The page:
Big businesses failing to protect human rights amid Covid-19, study reveals
A study of the measures taken by more than 200 large businesses to safeguard human rights during the Covid-19 pandemic has found that most are taking little to no action.
The new study was carried out by the World Benchmarking Alliance (WBA) as a supplement to its Corporate Human Rights Benchmark, published last November. Some 229 companies are included in the benchmark and new study, spanning the global agriculture, apparel, extractives, ICT and automotive sectors.
Building on the damning findings of the Benchmark, in which one-third of companies scored zero on due diligence, the new study revealed that only one-quarter of companies were able to prove that they were helping suppliers mitigate the financial and social impacts of changing demand during 2020.
Many fashion brands, for example, have been accused of refusing to pay in full for completed or in-process orders because they are dealing with store closures and changing demand, leaving suppliers, often in less developed nations, in the lurch. The WBA names Marks & Spencer (M&S) as one of the few brands to buck this trend, paying for all shipped products and products that could not be shipped while facilitating the distribution of emergency relief funds.
More broadly, the WBA found that only 17% of businesses surveyed were able to prove they took measures to safeguard pay and ensure sick leave across the supply chain and with wider business partners.
The picture was not much better for efforts to protect human rights within business’ direct operations. Three-quarters of businesses did not tell the WBA how they provided sick leave for workers in their own operations. Without paid sick leave, businesses run the risk of staff coming to work with Covid-19 and spreading the virus.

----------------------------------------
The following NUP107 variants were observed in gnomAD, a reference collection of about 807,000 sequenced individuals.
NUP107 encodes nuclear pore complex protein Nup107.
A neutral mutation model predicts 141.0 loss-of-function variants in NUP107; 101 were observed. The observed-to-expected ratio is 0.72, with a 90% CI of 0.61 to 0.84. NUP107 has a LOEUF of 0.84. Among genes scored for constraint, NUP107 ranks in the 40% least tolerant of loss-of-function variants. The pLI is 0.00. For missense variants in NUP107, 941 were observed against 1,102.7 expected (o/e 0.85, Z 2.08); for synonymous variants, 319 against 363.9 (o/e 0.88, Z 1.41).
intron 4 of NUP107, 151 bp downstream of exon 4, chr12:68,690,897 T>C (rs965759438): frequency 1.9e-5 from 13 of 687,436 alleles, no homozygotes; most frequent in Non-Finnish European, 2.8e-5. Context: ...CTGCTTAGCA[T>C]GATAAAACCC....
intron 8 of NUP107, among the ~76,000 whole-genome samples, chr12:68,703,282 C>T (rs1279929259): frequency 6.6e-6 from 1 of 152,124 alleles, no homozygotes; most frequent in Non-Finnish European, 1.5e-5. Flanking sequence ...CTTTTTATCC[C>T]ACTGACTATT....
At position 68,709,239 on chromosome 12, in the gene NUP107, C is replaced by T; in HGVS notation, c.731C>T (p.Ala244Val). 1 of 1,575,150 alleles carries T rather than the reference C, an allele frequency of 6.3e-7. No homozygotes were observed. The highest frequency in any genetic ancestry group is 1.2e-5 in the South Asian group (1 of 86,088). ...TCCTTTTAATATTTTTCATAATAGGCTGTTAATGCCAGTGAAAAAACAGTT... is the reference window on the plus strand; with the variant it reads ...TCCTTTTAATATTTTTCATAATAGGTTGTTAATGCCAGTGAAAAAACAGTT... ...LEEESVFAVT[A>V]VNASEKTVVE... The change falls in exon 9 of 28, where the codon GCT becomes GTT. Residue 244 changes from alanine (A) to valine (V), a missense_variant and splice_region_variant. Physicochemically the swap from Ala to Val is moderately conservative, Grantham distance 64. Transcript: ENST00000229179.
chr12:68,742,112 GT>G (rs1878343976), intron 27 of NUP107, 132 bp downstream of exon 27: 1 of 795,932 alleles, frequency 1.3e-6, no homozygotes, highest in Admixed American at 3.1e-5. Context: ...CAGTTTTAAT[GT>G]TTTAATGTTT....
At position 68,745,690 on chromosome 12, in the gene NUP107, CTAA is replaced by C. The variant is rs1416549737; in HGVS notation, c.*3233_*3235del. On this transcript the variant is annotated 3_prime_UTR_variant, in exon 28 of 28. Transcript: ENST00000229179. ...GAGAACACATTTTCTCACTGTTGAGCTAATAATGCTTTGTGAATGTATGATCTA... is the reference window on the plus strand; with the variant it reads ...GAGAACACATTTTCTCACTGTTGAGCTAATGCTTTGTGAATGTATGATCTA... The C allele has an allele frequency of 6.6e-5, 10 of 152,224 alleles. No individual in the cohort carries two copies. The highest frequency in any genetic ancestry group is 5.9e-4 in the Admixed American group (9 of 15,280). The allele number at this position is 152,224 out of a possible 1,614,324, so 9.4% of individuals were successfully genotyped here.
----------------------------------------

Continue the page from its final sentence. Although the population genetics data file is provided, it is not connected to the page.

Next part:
Spotlight on the automotive sector
Performance was generally poor across all sectors assessed, but WBA clocked the highest scores for agriculture and the lowest for automotive.
While agriculture businesses outscored the average on governance, short-term actions to mitigate health and safety and livelihood impacts, and grievance mechanisms, the automotive sector underscored.
Only 10% of automotive businesses contacted by the WBA responded to the survey. And, of the firms that did disclose, only Volkswagen provided detailed information.
The report states: “Overall, the study shows that the majority of companies, across all sectors, have failed so far to demonstrate a meaningful response to the crisis, and still have a long way to go to adequately manage the risks and impacts of COVID-19.
“Given the amount of public financial support provided by governments around the world since the beginning of the crisis, the fact that two-thirds of companies failed to describe steps taken to avoid redundancies is particularly concerning.”
New corporate disclosure requirements on the horizon
The study from the WBA was published in the same week that the European Commission closed its consultation on new due diligence requirements for companies, covering both their environmental impacts and their approach to human rights.
The proposed directive on Corporate Due Diligence and Corporate Accountability, in its current form, is designed to enshrine in law and obligation for all large businesses to consider the interests of all stakeholders – not just shareholders. Proposed definitions for stakeholders cover staff in operations, those employed in supply chains, local communities and the environment.
This obligation would be realised through new disclosure requirements, implemented on a ‘comply or explain’ basis. While many businesses are disclosing this information voluntarily, some experts believe laggards will not do so without a requirement. One major voluntary reporting framework is the GRI Standards.
“We welcome the European Commission’s efforts to ensure that businesses demonstrate greater accountability for their human rights and environmental obligations and strongly support moves towards mandatory due diligence,” GRI’s chief external affairs officer Peter Paul van de Wijs said.
“The clock is already ticking on the EU Green Deal and Covid-19 recovery plan and the private sector has a key role in achieving a sustainable and just transition. Alongside our backing for the Commission’s crucial work to strengthen non-financial reporting requirements, GRI will continue to collaborate and offer our support.”
The European Commission first set plans in motion for the directive last April and is hoping to finalise new requirements this year.
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